Do your dreams revolve around deserted islands? They’re tropical, of course. They’re always surrounded by calm lagoons and vibrant coral reefs. Their white-sand beaches, which sea turtles use to lay their eggs, are lined with mangroves and coconut palms. While, except for a few rocky islets, brilliantly blue water extends as far as the eye can see.
Your vision of paradise does exist. It’s the Glorioso Islands in the Indian Ocean. The archipelago, which consists of two islands and eight small islets, lies off the coast of East Africa. The Comoros are to the west. Madagascar is to the southeast. But the islands are truly remote.
The Glorioso Islands were first settled by a Frenchman, who established a coconut plantation on Grande Glorieuse, the larger of the two islands, in 1880. The French claimed the islands a decade later. Though Mayotte, the Comoros, and Madagascar have challenged their holding over the years, the French have retained control. In 2012, they even established a protected marine area. It’s only their second one in the Indian Ocean.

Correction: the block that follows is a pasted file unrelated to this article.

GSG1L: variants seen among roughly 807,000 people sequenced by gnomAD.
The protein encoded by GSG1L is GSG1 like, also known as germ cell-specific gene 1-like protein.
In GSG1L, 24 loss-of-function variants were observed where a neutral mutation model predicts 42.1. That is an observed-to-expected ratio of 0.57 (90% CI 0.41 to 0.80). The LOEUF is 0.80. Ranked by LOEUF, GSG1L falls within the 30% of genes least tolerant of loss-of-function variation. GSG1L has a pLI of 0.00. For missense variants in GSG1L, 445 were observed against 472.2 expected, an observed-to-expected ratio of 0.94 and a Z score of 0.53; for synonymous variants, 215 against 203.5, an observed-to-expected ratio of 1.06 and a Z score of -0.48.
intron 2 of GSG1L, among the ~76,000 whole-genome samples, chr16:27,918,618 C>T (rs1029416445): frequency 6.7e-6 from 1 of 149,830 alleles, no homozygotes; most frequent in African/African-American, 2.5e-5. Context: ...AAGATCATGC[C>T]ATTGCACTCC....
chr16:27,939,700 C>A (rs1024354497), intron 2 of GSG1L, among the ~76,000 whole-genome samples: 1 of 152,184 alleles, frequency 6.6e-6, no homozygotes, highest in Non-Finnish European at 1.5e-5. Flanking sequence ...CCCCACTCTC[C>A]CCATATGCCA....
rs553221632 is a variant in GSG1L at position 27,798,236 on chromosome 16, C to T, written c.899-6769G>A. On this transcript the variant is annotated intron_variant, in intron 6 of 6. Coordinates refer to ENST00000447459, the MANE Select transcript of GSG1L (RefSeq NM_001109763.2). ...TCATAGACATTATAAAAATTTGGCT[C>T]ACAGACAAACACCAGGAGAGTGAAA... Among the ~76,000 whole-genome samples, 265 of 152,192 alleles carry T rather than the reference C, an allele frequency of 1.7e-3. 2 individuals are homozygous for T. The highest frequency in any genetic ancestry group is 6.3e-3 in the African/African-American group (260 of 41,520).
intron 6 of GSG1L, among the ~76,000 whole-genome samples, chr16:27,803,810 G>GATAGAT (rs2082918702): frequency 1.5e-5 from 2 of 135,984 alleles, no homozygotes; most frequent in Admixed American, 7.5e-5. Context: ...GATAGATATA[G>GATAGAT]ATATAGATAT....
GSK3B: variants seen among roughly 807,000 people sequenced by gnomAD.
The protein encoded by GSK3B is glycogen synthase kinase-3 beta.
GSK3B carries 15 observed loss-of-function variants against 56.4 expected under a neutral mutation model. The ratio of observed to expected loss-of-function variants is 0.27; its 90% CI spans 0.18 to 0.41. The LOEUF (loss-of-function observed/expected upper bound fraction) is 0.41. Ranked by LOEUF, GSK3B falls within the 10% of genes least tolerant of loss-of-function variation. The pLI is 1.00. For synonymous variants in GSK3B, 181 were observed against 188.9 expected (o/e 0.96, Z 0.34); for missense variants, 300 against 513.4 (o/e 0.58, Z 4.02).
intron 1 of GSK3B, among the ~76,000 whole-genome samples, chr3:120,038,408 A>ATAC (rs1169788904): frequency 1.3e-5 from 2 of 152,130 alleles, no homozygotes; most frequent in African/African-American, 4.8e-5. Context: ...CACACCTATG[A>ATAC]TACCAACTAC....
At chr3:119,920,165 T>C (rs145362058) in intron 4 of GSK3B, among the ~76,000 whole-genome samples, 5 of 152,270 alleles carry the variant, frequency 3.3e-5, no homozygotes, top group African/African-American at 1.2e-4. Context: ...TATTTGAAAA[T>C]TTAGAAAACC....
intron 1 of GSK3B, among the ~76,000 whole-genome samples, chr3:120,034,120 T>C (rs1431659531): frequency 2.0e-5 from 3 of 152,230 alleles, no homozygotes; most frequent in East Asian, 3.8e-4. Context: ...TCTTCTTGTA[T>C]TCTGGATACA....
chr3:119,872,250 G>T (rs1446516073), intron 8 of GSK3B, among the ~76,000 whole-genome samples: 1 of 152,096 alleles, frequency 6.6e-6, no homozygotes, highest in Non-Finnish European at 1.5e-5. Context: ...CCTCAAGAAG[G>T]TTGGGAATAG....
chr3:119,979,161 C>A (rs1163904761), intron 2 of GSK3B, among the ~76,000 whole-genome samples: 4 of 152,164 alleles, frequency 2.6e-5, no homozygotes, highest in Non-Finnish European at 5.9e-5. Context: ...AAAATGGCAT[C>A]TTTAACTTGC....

The Marine Park of the Glorieuses covers 1,200 acres. The two islands are low and flat. Besides the remains of the coconut plantation and lots of casuarina trees, there’s a sandy airstrip and a military garrison, with a radio and weather station, on Grande Glorieuse. Île du Lys, five miles northeast, was once quarried for phosphate. Nesting migratory seabirds—mostly sooty terns—and sea turtles now rule the island. Sand dunes and mangroves cover the rest of it. Plus South Rock, Verte Rock, and Wreck Rock lie just offshore. For once, the reality is even better than the dream.